Title IX Covers Transgender Students and Access to Bathrooms
May 13, 2016 marked an important day for Title IX, as the U.S. Department of Justice Civil Rights Division issued a Dear Colleague Letter regarding the application of the ban on sex discrimination in schools and what schools need to do to ensure that they do not discriminate based on gender identity. The letter notes this is not a change to the law, but simply significant guidance to “inform recipients about how the Departments evaluate whether covered entities are complying with their legal obligations.”
The Dear Colleague Letter states:
Title IX of the Education Amendments of 1972 (Title IX) and its implementing regulations prohibit sex discrimination in educational programs and activities operated by recipients of Federal financial assistance. This prohibition encompasses discrimination based on a student’s gender identity, including discrimination based on a student’s transgender status.
The letter is a great resources for schools struggling with how to respect transgender or gender queer students. It provides terminology definitions and advice on how to create a safe and nondiscriminatory environment.
It also addresses the biggest issue that schools have with understanding how to create a nondiscriminatory environment for transgender and gender queer students: sex-segregated facilities. Below is exactly what the Dear Colleague Letter says:
Sex-Segregated Activities and Facilities Title IX’s implementing regulations permit a school to provide sex-segregated restrooms, locker rooms, shower facilities, housing, and athletic teams, as well as single-sex classes under certain circumstances. When a school provides sex-segregated activities and facilities, transgender students must be allowed to participate in such activities and access such facilities consistent with their gender identity.
Restrooms and Locker Rooms. A school may provide separate facilities on the basis of sex, but must allow transgender students access to such facilities consistent with their gender identity.A school may not require transgender students to use facilities inconsistent with their gender identity or to use individual-user facilities when other students are not required to do so. A school may, however, make individual-user options available to all students who voluntarily seek additional privacy.
Athletics. Title IX regulations permit a school to operate or sponsor sex-segregated athletics teams when selection for such teams is based upon competitive skill or when the activity involved is a contact sport. A school may not, however, adopt or adhere to requirements that rely on overly broad generalizations or stereotypes about the differences between transgender students and other students of the same sex (i.e., the same gender identity) or others’ discomfort with transgender students. Title IX does not prohibit age-appropriate, tailored requirements based on sound, current, and research-based medical knowledge about the impact of the students’ participation on the competitive fairness or physical safety of the sport.18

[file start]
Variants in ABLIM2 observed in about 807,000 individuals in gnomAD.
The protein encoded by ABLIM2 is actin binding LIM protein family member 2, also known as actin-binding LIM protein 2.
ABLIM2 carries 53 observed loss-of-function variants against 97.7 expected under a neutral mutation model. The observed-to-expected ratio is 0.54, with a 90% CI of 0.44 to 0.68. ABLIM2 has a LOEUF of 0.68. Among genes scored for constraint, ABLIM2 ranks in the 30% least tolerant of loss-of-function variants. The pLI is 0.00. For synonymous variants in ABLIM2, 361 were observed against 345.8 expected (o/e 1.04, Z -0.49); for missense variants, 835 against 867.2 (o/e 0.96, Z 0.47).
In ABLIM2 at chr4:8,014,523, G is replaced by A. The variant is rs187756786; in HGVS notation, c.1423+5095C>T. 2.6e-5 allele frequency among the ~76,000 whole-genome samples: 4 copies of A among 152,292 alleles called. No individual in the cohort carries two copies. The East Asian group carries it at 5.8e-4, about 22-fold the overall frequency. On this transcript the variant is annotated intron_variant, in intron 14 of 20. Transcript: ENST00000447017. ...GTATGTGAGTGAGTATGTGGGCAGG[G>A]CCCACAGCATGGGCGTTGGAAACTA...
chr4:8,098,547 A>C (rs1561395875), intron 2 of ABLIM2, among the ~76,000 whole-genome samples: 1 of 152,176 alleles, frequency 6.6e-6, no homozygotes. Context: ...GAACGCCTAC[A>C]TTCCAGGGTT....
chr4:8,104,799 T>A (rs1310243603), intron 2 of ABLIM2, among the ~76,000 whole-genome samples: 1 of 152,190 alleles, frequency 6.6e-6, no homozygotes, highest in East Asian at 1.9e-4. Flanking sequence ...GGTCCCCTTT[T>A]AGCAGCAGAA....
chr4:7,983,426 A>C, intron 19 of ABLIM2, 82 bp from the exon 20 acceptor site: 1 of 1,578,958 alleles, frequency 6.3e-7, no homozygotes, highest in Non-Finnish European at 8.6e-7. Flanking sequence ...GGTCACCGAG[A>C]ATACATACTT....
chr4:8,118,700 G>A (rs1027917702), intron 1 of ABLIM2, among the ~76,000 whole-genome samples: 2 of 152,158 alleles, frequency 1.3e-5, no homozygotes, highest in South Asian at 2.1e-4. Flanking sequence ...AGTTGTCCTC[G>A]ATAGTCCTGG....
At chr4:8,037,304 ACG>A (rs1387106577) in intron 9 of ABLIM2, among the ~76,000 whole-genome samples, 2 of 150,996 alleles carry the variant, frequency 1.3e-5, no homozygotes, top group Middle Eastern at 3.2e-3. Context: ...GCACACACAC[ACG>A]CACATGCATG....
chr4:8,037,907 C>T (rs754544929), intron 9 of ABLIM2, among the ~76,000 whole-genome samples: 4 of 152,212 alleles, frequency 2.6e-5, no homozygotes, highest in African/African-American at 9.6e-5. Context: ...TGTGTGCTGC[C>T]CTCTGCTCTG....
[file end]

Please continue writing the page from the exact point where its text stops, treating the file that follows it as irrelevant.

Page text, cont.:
Single-Sex Classes. Although separating students by sex in classes and activities is generally prohibited, nonvocational elementary and secondary schools may offer nonvocational single-sex classes and extracurricular activities under certain circumstances. When offering such classes and activities, a school must allow transgender students to participate consistent with their gender identity.
Single-Sex Schools. Title IX does not apply to the admissions policies of certain educational institutions, including nonvocational elementary and secondary schools, and private undergraduate colleges.20 Those schools are therefore permitted under Title IX to set their own ex-based admissions policies. Nothing in Title IX prohibits a private undergraduate women’s college from admitting transgender women if it so chooses.
Social Fraternities and Sororities. Title IX does not apply to the membership practices of social fraternities and sororities. Those organizations are therefore permitted under Title IX to set their own policies regarding the sex, including gender identity, of their members. Nothing in Title IX prohibits a fraternity from admitting transgender men or a sorority from admitting transgender women if it so chooses.
Housing and Overnight Accommodations. Title IX allows a school to provide separate housing on the basis of sex. But a school must allow transgender students to access housing consistent with their gender identity and may not require transgender students to stay in single-occupancy accommodations or to disclose personal information when not required of other students. Nothing in Title IX prohibits a school from honoring a student’s voluntary request for single occupancy accommodations if it so chooses.
Other Sex-Specific Activities and Rules. Unless expressly authorized by Title IX or its implementing regulations, a school may not segregate or otherwise distinguish students on the basis of their sex, including gender identity, in any school activities or the application of any school rule. Likewise, a school may not discipline students or exclude them from participating in activities for appearing or behaving in a manner that is consistent with their gender identity or that does not conform to stereotypical notions of masculinity or femininity (e.g., in yearbook photographs, at school dances, or at graduation ceremonies).